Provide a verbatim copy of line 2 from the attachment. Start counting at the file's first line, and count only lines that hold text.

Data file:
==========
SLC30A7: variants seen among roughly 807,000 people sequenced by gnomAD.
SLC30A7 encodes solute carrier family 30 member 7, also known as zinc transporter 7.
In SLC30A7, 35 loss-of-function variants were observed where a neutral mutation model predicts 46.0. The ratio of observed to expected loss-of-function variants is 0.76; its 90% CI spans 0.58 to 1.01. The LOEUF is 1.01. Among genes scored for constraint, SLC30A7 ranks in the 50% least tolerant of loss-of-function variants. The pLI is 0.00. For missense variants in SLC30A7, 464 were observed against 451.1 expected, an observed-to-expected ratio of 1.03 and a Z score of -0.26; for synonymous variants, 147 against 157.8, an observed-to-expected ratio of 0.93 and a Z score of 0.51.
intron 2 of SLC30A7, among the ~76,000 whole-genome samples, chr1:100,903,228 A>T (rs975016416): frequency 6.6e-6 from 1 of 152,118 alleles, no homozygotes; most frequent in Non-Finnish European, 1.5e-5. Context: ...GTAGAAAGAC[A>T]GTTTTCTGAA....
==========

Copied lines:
SLC30A7 encodes solute carrier family 30 member 7, also known as zinc transporter 7.